Referenced by
Citing PatentFiling datePublication dateApplicantTitle
US4443415 *Jun 22, 1982Apr 17, 1984Amax Inc.Recovery of V2 O5 and nickel values from petroleum coke
US4474735 *Sep 28, 1982Oct 2, 1984Outokumpu OyProcess for the recovery of valuable metals from spent crude-oil sulfur-extraction catalysts
US4788044 *Jul 13, 1987Nov 29, 1988Ente Minerario SicilianoMethod for recovering vanadium from residues from the combustion of petroleum fractions
US5277795 *Apr 1, 1992Jan 11, 1994Thornhill Denis HProcess and apparatus for recovering heavy metal from carbonaceous material
US6306356 *Jul 14, 1994Oct 23, 2001U.S. Vanadium CorporationSeparation and recovery of metal values from natural bitumen ash
EP2388238A1 *Apr 28, 2011Nov 23, 2011Greenshores Patent BVProcess for preparing vanadium pentoxide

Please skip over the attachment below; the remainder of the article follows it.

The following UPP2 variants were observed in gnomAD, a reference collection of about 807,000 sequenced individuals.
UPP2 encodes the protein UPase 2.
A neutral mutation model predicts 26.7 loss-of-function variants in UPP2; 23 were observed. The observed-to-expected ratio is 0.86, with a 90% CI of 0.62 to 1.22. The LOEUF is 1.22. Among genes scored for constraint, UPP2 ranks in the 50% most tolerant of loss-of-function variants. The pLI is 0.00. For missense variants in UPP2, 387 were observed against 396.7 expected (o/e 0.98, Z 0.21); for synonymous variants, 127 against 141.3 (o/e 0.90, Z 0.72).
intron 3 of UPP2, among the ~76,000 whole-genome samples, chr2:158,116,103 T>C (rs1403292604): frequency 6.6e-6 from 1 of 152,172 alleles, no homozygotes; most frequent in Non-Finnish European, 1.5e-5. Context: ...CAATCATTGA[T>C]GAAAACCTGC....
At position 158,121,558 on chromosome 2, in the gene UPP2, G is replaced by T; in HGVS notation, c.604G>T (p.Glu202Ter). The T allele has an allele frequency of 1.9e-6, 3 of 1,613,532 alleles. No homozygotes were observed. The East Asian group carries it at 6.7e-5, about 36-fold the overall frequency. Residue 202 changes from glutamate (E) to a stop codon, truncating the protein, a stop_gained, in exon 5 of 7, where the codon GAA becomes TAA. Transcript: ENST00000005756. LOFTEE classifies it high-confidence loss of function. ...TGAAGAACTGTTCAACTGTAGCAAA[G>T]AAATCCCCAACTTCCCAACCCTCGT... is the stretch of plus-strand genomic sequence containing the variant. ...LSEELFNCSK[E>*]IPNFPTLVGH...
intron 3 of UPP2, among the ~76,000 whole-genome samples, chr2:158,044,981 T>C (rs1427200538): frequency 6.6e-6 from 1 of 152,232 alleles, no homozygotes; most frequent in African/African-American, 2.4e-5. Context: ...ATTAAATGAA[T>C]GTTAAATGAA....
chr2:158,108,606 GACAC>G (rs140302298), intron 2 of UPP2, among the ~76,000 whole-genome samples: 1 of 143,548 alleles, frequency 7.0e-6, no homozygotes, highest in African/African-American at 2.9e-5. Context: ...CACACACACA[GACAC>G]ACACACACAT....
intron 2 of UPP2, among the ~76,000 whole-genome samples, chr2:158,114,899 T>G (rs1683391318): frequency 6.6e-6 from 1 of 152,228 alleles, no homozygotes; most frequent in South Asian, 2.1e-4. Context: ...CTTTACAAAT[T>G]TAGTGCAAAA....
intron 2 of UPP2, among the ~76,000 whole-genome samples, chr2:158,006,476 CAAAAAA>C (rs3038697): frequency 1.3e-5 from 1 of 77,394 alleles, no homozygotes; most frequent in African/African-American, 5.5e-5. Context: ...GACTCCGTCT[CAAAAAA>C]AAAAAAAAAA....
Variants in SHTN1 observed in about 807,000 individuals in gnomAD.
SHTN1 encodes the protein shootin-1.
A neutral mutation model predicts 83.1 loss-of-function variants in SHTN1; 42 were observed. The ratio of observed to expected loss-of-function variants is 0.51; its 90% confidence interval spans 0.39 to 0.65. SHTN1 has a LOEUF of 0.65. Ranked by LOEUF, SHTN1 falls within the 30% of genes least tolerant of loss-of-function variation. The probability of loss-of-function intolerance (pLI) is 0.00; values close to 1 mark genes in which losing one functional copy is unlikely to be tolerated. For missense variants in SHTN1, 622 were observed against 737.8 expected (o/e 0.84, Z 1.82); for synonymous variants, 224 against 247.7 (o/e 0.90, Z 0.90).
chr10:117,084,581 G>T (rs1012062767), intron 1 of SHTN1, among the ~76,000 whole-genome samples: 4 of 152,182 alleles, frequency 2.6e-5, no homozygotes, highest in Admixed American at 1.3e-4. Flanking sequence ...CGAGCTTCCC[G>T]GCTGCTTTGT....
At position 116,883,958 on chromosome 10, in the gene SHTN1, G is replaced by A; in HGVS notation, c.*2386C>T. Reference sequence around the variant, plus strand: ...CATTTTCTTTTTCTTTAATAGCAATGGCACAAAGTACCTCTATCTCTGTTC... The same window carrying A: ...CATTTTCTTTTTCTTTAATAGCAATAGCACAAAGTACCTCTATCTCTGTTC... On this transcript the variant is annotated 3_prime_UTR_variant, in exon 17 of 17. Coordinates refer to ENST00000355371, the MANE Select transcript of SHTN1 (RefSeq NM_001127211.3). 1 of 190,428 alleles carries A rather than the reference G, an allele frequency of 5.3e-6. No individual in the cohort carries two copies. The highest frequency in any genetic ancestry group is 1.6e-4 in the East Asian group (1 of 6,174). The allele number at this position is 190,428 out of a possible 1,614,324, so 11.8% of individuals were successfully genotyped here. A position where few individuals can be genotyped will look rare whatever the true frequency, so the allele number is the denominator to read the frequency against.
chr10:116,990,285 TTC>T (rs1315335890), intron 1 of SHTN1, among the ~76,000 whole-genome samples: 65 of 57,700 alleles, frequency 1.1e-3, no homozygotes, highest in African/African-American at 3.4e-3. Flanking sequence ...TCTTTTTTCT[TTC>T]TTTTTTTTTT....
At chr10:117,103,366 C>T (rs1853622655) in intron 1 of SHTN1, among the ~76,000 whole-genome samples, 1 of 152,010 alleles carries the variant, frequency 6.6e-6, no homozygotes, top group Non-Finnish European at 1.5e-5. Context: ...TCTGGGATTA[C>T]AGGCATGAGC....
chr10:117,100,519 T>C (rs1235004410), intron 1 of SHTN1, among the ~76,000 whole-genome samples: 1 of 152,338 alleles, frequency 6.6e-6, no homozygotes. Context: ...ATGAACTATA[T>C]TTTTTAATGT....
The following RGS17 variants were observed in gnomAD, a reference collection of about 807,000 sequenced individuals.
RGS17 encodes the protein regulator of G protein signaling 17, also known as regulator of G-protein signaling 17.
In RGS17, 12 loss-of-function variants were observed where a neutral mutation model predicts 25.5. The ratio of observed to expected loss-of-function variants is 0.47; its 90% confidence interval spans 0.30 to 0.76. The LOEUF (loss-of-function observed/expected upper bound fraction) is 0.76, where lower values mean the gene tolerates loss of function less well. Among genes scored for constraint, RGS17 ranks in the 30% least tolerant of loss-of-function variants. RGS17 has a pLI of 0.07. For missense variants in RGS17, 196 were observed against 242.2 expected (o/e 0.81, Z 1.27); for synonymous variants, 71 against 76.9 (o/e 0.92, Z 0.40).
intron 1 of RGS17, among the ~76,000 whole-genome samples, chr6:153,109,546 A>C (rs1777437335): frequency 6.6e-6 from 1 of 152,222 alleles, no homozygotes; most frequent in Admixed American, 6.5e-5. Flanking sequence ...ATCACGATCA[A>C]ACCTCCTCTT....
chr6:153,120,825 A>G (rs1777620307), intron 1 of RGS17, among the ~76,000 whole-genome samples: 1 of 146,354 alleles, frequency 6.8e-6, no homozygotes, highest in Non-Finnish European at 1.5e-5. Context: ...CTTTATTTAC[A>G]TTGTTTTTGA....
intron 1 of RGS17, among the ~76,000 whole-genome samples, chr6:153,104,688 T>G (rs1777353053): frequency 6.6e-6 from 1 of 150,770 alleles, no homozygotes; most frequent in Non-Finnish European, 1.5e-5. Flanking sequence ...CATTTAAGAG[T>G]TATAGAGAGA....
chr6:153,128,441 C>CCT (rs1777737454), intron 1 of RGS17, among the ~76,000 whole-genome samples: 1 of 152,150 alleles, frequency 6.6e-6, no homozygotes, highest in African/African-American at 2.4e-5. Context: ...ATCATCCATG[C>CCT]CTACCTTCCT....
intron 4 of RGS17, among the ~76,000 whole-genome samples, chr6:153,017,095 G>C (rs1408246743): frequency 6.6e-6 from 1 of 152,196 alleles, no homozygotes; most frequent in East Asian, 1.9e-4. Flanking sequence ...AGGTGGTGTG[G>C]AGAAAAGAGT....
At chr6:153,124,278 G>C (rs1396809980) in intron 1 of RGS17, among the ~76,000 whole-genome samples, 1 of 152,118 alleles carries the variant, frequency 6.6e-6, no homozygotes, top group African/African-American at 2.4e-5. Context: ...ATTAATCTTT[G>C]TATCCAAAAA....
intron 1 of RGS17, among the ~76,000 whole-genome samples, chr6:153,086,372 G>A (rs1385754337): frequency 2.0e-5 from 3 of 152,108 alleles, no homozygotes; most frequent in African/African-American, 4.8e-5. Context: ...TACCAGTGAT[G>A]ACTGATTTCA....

WO2012123261A1 *Mar 1, 2012Sep 20, 2012L'Air Liquide, Société Anonyme pour l'Etude et l'Exploitation des Procédés Georges ClaudeProcess for recovering heavy metals from soot water
Classifications
U.S. Classification423/63, 423/138, 423/150.1, 423/139, 423/1, 423/62, 423/68
International ClassificationC22B3/38, C22B23/00, C22B34/22, C01G31/00, C22B7/02
Cooperative ClassificationC01G31/00, C22B3/0068, C22B34/22, C01G31/003, C22B3/0087, C22B7/02
European ClassificationC22B7/02, C22B34/22, C22B3/00D2M2P2B12R, C22B3/00D2M2P4B12, C01G31/00B, C01G31/00
Legal Events
DateCodeEventDescription
May 1, 1981ASAssignment
Owner name: BENGT ALFREDSSON AB, POSTLADA 301, S 444 00 STENUN
Free format text: ASSIGNMENT OF ASSIGNORS INTEREST.;ASSIGNOR:SOTEX AB;REEL/FRAME:003856/0920
Effective date: 19810316